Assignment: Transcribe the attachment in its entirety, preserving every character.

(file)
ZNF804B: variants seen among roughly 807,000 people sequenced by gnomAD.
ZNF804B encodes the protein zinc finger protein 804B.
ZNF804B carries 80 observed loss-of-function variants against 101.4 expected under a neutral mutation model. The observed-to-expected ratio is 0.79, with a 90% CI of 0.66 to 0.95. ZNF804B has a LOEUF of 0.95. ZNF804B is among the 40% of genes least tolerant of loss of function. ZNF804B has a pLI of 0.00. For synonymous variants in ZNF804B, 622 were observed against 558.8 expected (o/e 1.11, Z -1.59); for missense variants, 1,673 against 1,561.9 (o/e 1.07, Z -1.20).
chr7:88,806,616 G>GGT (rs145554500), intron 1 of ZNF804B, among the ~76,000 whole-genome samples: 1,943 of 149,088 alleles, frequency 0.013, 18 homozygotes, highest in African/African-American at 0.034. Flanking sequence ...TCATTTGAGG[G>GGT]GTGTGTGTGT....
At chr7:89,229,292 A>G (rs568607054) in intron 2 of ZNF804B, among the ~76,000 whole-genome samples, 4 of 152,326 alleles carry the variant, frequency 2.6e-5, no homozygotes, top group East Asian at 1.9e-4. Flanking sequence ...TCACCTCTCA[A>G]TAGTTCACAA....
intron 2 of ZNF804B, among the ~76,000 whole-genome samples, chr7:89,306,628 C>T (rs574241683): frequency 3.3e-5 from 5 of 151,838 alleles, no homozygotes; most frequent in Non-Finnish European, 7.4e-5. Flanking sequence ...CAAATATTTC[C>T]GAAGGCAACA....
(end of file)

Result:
ZNF804B: variants seen among roughly 807,000 people sequenced by gnomAD.
ZNF804B encodes the protein zinc finger protein 804B.
ZNF804B carries 80 observed loss-of-function variants against 101.4 expected under a neutral mutation model. The observed-to-expected ratio is 0.79, with a 90% CI of 0.66 to 0.95. ZNF804B has a LOEUF of 0.95. ZNF804B is among the 40% of genes least tolerant of loss of function. ZNF804B has a pLI of 0.00. For synonymous variants in ZNF804B, 622 were observed against 558.8 expected (o/e 1.11, Z -1.59); for missense variants, 1,673 against 1,561.9 (o/e 1.07, Z -1.20).
chr7:88,806,616 G>GGT (rs145554500), intron 1 of ZNF804B, among the ~76,000 whole-genome samples: 1,943 of 149,088 alleles, frequency 0.013, 18 homozygotes, highest in African/African-American at 0.034. Flanking sequence ...TCATTTGAGG[G>GGT]GTGTGTGTGT....
At chr7:89,229,292 A>G (rs568607054) in intron 2 of ZNF804B, among the ~76,000 whole-genome samples, 4 of 152,326 alleles carry the variant, frequency 2.6e-5, no homozygotes, top group East Asian at 1.9e-4. Flanking sequence ...TCACCTCTCA[A>G]TAGTTCACAA....
intron 2 of ZNF804B, among the ~76,000 whole-genome samples, chr7:89,306,628 C>T (rs574241683): frequency 3.3e-5 from 5 of 151,838 alleles, no homozygotes; most frequent in Non-Finnish European, 7.4e-5. Flanking sequence ...CAAATATTTC[C>T]GAAGGCAACA....